The Dutch government is the most conversational on its @Rijksoverheid account, answering citizens’ questions about policies, laws and regulations Monday to Friday between 8:00 a.m. and 8:00 p.m. More than 97 percent of its tweets are @replies to other Twitter users. The @GOVUK channel is in second position followed by the government of Nepal’s “Hello Government” account, with 95 and 90 percent of their tweets being @replies answering questions from users.
Quite a few African leaders seem to use Twitter solely to converse with their followers. Rwanda’s President @PaulKagame is the most conversational world leader with 85 percent of his tweets being @replies to other Twitter users. @PaulKagame sometimes gets into memorable Twitter exchanges with his critics, and even sometimes chats publicly with his children. Kagame’s personal Twitter engagement shows that, even if you have 1.8 million Twitter followers, you can still be on top of the conversation and personally reply to comments on your Twitter feed.
Forty-two heads of state and government have opted to receive Twitter Direct Messages from anyone, such as @CyrilRamaphosa, the President of South Africa, sporting a ‘Message’-button on his profile. However, when we sent messages to inquire about the number of messages they receive on average, only three replied.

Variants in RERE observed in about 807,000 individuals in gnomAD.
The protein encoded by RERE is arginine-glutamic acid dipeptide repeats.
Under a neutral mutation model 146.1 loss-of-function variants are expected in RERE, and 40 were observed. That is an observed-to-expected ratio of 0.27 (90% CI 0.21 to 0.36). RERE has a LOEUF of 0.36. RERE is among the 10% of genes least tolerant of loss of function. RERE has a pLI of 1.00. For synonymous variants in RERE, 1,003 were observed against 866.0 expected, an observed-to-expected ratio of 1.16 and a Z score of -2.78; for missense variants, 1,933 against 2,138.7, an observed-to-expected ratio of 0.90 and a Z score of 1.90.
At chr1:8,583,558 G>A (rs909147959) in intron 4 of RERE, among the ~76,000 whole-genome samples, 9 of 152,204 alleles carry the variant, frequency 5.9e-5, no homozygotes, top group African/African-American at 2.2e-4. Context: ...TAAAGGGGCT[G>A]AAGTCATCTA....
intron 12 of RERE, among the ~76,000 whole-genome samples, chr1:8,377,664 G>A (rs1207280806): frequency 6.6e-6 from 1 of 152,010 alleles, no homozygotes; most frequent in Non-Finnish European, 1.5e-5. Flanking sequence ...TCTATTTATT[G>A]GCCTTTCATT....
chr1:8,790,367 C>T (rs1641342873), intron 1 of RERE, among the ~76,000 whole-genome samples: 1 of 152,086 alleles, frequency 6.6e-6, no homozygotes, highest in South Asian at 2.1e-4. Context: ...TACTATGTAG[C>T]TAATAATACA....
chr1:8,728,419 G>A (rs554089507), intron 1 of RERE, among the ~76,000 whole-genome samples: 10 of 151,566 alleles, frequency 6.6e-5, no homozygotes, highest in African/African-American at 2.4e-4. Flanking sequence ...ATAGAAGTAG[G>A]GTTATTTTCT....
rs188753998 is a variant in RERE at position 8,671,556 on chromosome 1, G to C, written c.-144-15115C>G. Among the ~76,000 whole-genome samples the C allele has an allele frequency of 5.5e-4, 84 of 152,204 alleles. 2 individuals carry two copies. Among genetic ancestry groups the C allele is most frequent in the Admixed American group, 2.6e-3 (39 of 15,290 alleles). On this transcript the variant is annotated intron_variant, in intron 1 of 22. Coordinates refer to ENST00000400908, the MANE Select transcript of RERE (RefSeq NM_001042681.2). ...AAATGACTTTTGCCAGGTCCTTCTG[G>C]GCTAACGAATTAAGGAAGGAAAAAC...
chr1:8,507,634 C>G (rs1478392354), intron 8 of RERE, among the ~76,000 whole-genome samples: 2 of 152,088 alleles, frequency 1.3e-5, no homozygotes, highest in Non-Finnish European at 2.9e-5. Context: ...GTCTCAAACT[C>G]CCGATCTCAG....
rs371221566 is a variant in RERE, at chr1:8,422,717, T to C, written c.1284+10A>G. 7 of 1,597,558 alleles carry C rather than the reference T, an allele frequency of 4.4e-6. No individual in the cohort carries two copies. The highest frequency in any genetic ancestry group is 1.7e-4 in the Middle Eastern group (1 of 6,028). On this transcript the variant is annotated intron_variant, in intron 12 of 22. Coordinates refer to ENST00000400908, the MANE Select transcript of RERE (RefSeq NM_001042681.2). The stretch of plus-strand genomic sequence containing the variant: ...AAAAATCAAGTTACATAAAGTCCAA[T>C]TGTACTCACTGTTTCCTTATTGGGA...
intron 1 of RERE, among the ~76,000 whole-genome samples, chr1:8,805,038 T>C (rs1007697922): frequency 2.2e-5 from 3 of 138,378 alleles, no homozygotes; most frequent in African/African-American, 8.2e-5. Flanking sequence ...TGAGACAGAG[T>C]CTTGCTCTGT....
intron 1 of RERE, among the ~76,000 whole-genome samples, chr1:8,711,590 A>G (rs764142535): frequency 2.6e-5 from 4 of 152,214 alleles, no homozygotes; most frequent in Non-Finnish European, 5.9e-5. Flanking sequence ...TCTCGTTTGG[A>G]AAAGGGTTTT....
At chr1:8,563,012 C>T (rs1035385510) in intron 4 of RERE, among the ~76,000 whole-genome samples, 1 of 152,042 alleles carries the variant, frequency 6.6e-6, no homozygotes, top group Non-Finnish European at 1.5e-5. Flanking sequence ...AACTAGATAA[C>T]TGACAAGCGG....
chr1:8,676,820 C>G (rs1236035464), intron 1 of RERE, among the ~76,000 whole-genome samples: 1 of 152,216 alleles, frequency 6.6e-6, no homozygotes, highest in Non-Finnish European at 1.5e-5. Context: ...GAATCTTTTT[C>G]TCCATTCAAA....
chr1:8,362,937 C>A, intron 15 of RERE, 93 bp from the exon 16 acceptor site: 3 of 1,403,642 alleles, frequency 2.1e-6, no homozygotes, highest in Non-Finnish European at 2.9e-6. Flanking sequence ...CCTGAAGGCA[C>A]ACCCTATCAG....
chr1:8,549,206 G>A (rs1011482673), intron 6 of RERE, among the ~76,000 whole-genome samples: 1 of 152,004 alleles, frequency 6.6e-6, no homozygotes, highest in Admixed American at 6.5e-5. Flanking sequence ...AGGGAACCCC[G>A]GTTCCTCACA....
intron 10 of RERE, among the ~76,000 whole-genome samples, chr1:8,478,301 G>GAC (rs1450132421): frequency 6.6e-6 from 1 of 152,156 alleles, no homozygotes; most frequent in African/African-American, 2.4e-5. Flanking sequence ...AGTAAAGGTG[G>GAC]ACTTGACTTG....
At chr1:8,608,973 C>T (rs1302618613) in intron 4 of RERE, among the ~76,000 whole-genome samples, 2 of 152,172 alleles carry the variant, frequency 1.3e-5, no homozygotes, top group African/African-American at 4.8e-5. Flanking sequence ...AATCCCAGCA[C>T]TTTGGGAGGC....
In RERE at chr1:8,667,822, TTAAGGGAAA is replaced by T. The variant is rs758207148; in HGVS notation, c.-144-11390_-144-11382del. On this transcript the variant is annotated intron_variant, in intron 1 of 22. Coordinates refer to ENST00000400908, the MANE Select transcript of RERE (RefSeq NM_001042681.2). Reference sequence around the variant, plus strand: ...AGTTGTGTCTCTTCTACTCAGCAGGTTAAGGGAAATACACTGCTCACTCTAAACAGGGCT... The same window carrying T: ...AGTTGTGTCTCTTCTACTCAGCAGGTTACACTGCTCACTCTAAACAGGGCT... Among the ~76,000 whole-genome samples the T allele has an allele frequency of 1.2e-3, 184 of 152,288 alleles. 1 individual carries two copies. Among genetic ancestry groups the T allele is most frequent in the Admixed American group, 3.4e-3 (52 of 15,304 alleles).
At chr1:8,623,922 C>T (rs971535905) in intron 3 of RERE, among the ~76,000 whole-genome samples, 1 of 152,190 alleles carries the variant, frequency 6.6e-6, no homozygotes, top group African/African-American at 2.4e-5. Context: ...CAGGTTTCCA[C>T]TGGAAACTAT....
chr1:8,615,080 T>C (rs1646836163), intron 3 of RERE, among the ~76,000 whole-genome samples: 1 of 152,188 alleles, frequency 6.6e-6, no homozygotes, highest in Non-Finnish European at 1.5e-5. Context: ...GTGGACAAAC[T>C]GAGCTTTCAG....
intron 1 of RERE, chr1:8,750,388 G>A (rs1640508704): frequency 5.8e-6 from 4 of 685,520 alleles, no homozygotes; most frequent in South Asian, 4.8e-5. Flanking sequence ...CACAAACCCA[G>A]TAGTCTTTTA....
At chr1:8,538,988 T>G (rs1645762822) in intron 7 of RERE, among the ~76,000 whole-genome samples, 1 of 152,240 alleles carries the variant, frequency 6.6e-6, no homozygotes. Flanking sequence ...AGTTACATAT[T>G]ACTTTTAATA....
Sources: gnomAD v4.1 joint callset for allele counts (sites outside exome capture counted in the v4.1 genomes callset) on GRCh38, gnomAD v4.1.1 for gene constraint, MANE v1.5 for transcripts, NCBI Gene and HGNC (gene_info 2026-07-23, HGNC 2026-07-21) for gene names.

The accounts queried reported receiving on average one direct message per week to one message per day and the number of spam messages seems to have significantly decreased as it is no longer possible to send bulk direct messages to users.
The Foreign Ministry of New Zealand is the only government institution that encourages users to opt-in to receive occasional direct messages, allowing the foreign ministry to share important tweets or messages to a large audience easily through with the click of a button.
Many foreign ministries and foreign ministers are also proudly flying their colours in their Twitter name and Twitter bios. Since we suggested the addition of the flag emojis in the name or the Twitter bio, 76 accounts are now sporting their national flags, adding a touch of color to their Twitter profiles, among them the Brazilian, the Dutch, the French, Polish, Russian foreign ministries and UK Foreign Office.
However, only a handful of governmental Twitter accounts have made use of the extended character count of Twitter names to 50 characters, which has allowed the European External Action Service (EEAS) to write its name in full.